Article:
I have heard it said that one should avoid relying on a single source for news.
You mean, like, even if that source is Jon Stewart? No. Way.
As a matter of fact, way.
In 2004 The Associated Press reported that, “21 percent of people aged 18 to 29 cited ‘The Daily Show’ and ‘Saturday Night Live’ as a place where they regularly learned presidential campaign news,” according to the Pew Research Center for the People and the Press.
Late one night in 2004 I just happened to be watching Stewart’s show when he mentioned this Pew study. After informing his viewing audience of their tendency to rely on his show for all their news, he stared wide-eyed for a close-up and said, “Don’t do that!”
I’m sure that deep down Stewart was lapping it up, and I suspect that the percentage would be higher if Pew conducted the same study now.
For years we subscribed to the daily paper and watched television news. We broke the TV habit about eight years ago, and I ditched the morning paper for National Public Radio’s “Morning Edition.” For years I read U.S. News & World Report (USNWR) for balance, but having a child stopped that.
Like the newspaper and USNWR, NPR spends more time on each story than the TV news does, and I don’t have to put up with commercials. Plus, it’s not as politically slanted as other media (but leans a little left). Somewhat ironically, I first heard NPR on a newspaper’s darkroom radio while working as a (paid) photojournalism intern, and it planted the seed that ultimately spurred me to cancel my subscription.
Well, that and the fact that I could get Dilbert for free online.
Believe it or not, that brings me to another of my news sources — Scott Adams’ blog. He’s the creator of Dilbert, and he posts serious articles as often as he does jokes. He works humor into all of it, but he also gets me thinking. That’s art.
Which is what we all look for in a news outlet, right? Okay, maybe not, but his topics and the discussions that result from his arguably above-average intelligence readers are much more practical than the (hilarious) bits on “The Daily Show.” Although he covers topics from religion to evolution to offbeat news of the weird, politics are Adams’ main focus lately, and he makes a lot of sense. See his site to see what he’s up to right now.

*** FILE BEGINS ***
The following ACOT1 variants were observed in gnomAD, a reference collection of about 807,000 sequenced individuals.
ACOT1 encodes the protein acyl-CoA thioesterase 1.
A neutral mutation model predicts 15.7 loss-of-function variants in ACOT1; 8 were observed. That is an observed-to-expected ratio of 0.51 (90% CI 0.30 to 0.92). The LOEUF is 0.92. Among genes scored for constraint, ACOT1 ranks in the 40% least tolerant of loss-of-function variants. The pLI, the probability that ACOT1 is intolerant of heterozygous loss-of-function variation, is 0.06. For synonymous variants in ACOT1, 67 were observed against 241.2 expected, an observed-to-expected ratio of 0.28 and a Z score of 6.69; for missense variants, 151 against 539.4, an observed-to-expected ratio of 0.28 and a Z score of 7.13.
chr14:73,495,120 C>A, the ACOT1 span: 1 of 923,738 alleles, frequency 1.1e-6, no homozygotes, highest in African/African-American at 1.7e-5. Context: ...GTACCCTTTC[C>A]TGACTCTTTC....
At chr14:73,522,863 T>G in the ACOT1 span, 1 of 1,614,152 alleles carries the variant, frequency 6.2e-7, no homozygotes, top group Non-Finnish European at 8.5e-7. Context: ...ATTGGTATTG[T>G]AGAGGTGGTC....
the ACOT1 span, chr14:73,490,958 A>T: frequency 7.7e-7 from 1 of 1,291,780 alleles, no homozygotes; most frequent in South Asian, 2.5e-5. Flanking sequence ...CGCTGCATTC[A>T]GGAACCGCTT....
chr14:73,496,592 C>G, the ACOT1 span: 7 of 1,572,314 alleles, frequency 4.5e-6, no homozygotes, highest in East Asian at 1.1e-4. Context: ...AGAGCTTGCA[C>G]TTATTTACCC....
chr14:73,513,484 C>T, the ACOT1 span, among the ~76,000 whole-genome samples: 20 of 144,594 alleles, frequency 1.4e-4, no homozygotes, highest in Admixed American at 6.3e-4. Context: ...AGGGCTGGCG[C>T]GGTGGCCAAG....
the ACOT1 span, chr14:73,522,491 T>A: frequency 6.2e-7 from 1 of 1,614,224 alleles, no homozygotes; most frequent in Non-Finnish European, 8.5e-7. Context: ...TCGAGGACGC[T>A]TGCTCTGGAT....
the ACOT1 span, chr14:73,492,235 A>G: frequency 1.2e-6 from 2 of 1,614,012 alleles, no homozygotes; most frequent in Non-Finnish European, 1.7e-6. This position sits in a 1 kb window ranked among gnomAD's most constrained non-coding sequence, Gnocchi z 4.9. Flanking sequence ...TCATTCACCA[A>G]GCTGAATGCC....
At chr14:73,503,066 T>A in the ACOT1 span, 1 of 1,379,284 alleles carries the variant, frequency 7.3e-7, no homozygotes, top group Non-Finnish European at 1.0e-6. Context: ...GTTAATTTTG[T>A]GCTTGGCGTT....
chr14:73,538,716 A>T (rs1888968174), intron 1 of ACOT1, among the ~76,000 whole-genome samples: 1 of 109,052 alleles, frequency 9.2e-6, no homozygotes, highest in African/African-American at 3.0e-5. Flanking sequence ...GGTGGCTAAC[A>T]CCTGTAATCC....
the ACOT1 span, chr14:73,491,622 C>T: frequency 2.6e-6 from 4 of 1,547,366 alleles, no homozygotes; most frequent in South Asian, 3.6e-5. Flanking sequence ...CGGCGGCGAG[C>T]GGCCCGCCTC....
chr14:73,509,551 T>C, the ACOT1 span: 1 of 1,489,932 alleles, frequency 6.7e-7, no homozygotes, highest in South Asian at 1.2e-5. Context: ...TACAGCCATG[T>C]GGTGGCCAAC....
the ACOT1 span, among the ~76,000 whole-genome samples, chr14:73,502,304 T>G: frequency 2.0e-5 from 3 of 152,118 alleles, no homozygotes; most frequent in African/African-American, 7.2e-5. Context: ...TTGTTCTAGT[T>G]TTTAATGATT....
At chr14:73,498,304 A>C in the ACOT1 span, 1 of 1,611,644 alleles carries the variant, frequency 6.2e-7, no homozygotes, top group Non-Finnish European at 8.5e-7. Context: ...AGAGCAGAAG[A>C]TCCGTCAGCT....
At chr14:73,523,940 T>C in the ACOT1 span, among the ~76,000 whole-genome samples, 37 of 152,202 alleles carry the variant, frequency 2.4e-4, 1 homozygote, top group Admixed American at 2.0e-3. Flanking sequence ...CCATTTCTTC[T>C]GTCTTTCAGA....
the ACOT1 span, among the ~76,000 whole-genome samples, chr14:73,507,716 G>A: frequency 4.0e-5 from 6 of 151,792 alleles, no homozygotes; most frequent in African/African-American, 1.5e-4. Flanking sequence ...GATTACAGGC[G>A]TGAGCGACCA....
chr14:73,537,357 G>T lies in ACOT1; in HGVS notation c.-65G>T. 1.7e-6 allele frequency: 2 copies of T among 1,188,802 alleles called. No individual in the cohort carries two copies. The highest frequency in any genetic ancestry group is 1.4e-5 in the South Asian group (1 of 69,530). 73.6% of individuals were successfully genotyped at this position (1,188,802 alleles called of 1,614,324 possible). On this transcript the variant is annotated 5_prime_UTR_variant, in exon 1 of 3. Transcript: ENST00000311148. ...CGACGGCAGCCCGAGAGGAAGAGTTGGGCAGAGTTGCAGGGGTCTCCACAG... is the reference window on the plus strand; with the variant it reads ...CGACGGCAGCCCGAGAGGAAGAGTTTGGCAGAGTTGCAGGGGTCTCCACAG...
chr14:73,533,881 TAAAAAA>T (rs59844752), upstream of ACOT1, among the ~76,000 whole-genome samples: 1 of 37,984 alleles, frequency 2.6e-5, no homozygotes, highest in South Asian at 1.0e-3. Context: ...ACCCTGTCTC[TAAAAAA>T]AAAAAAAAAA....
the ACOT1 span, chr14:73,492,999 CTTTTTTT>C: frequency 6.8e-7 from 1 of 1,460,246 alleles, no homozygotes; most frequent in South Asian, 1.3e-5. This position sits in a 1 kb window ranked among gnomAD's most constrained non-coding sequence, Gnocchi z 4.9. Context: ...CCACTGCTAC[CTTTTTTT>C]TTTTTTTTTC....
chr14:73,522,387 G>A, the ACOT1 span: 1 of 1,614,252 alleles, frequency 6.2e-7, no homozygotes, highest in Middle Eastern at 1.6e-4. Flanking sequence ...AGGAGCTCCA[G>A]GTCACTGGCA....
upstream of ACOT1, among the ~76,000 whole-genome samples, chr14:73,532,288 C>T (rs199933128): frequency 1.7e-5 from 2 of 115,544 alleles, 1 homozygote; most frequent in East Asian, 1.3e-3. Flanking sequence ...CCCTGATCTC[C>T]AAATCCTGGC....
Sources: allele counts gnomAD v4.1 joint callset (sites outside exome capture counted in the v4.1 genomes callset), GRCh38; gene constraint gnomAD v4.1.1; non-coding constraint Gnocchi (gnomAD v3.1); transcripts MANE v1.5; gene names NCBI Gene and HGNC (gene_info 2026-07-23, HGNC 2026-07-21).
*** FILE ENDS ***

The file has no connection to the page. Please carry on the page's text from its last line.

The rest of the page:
What about CNN or Fox News for political coverage, you may ask? Yikes. Surely those aren’t the best news sources on television today. Some, including his peers, say that the recently deceased Tim Russert ran one of the best shows out there, backing down to nobody regardless of party affiliation. I never watched him, so I can’t comment with any credibility. I do know, however, that never again will I watch Anderson Cooper after his botching of the Sago Mine Disaster, which I first wrote about back when it happened.
I don’t want to turn this into a political blog, but it’s hard to resist the topic completely during an election year.
My main point here is that, like Adams said on his blog, most people don’t know very much about world news or what makes a good presidential candidate. To know as much as we can, however, at the very least we should reach for a variety of sources in the process of becoming completely confused.
For example, from what I’ve read and heard, I figured that most countries’ opinion of the United States has plummeted in the past couple of years. Just a quick glance at Pew’s site reveals that from 2007 to 2008, in most countries polled favorable views of the United States went up. In South Korea the jump was 12 points and in Tanzania a whopping 19. Surprisingly, Japan showed the biggest drop — 11 points, while also showing more respondents somewhat or very interested in the US presidential race than those of us who live here.
What’s the Japanese word for “Daily Show?”
What is your news source?